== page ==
Review contains strong language and sexual references.
At the risk of being one of Those People, I hadn’t heard of Cosmopolis until the movie, starring Robert Pattinson, was released on the 15th June. And yes, I did pick it up primarily for that reason. In my defence, I was planning to write a Book to Movie post about it, but it took much, much longer than expected to get through such a tiny book and so we’re now a week past the release date. Oopsy. Ah well, here’s the book review anyway.
Plot summary – It is an April day in the year 2000 and an era is about to end. The booming times of market optimism — when the culture boiled with money and corporations seemed more vital and influential than governments — are poised to crash. Eric Packer, a billionaire asset manager at age twenty-eight, emerges from his penthouse triplex and settles into his lavishly customized white stretch limousine. Today he is a man with two missions: to pursue a cataclysmic bet against the yen and to get a haircut across town. Stalled in traffic by a presidential motorcade, a music idol’s funeral, and a violent political demonstration, Eric receives a string of visitors — experts on security, technology, currency, finance, and a few sexual partners — as the limo sputters toward an increasingly uncertain future.
I can sum that up quite nicely, if you’d like – this is a book about a man stuck in traffic. No, really. This short novel follows the day of Eric Packer, a multi-billionaire who has been informed there’s a threat on his life. Regardless, he heads out in search of a haircut. As you do. Unfortunately, that day is also the day of the President’s visit to the city, a rapper’s funeral and a political protest and so Mr. Packer finds himself at the mercy of the streets.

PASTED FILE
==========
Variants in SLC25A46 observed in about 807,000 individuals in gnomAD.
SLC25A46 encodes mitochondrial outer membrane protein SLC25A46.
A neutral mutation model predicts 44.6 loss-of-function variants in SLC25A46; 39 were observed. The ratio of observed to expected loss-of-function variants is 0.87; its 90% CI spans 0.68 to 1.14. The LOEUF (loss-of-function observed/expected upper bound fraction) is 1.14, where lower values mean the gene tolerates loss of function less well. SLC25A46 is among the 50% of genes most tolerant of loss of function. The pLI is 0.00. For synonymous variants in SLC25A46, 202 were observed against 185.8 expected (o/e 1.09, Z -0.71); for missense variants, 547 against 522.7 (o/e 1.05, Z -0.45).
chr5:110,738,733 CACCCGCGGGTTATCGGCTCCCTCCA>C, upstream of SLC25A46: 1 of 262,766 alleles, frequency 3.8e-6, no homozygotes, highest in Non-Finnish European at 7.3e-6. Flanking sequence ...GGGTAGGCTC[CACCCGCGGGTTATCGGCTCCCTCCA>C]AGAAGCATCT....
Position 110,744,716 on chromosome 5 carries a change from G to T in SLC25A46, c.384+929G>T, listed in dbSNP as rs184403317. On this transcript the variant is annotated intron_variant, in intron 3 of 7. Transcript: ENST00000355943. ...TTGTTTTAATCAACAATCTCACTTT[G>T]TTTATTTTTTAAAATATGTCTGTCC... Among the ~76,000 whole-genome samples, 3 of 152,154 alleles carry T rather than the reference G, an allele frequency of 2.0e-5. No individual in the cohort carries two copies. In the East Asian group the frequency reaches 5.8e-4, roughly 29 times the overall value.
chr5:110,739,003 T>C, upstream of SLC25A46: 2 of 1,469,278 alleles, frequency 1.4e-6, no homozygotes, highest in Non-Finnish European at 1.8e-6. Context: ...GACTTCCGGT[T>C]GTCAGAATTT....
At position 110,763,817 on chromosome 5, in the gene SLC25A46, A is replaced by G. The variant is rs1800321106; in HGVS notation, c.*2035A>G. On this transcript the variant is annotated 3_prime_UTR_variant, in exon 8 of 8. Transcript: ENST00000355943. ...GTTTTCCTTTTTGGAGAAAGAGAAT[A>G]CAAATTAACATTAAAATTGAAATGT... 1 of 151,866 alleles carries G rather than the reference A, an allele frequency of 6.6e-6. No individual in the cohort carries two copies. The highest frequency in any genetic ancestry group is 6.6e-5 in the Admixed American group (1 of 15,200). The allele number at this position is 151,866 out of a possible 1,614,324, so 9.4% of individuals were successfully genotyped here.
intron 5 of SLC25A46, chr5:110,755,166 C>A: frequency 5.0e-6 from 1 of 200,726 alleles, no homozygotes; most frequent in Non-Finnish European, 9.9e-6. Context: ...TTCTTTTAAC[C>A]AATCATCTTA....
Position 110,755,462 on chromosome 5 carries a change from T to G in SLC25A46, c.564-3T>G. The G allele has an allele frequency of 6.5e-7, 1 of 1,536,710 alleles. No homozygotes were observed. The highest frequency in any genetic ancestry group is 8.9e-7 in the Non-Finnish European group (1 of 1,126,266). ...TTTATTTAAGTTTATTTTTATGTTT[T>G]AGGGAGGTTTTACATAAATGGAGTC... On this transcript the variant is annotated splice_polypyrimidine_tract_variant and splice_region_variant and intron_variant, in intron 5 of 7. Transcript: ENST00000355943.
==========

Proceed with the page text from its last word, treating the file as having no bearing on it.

The point of view occasionally switches from Eric to Benny, a disgruntled ex-employee hiding out in an abandoned warehouse. It’s a fairly seamless switch and one that helps to relieve the monotony that may otherwise occur from watching a rich man go about his daily business.
My opinion of this book seemed to go up and down depending on my mood, almost like there wasn’t enough meat for it to stand alone. If I was in a happy place, I could get to grips with the book as a complex but satisfying insight into the world of a psychopathic businessman. However, if I wasn’t i in such a good place, it was merely an irritatingly slow and pointless story of a man stuck in traffic.
The sentence structure is quite strange – it seems to be going for a stream-of-conscious type thing, but misses. Instead it’s just annoying. I didn’t mark down an example, but it’s pretty much constant throughout the whole book. Eric Packer contradicts himself two or three times in the same sentence, rambles and generally can’t decide what to do with himself and it can be quite difficult to follow.
There’s also a lot of graphic sex scenes, many of which seem slightly unnecessary. I don’t mind violence, sex, drugs or anything really, as long as it develops the story. And while I understand the author was probably trying to emphasise Eric Packer’s objectification of other people, it just seems like a distasteful attempt to shock. I marked down a lot of example quotes to demonstrate, but they’re all massive paragraphs of smut and I can’t be bothered to type it out. Just know that the word ‘bottle-fuck’ is used three times on one page 🙂
Oh, the ending is also supremely irritating. However, I admit that I’m not particularly a fan of ambiguous endings so perhaps it’s an appropriate and well-executed finish that I just didn’t appreciate. Regardless, I didn’t like it.
I’ve read a few reviews of Cosmopolis here and there, and they all seem to agree that this is one of Don DeLillo’s poorer works. Having never read anything else by the author, I can’t really comment but maybe one day I’ll give them a go as I didn’t hate this book. There were parts of this book that I disliked, and the rest were just ‘alright.’ What a strange choice of book to adapt into a movie though.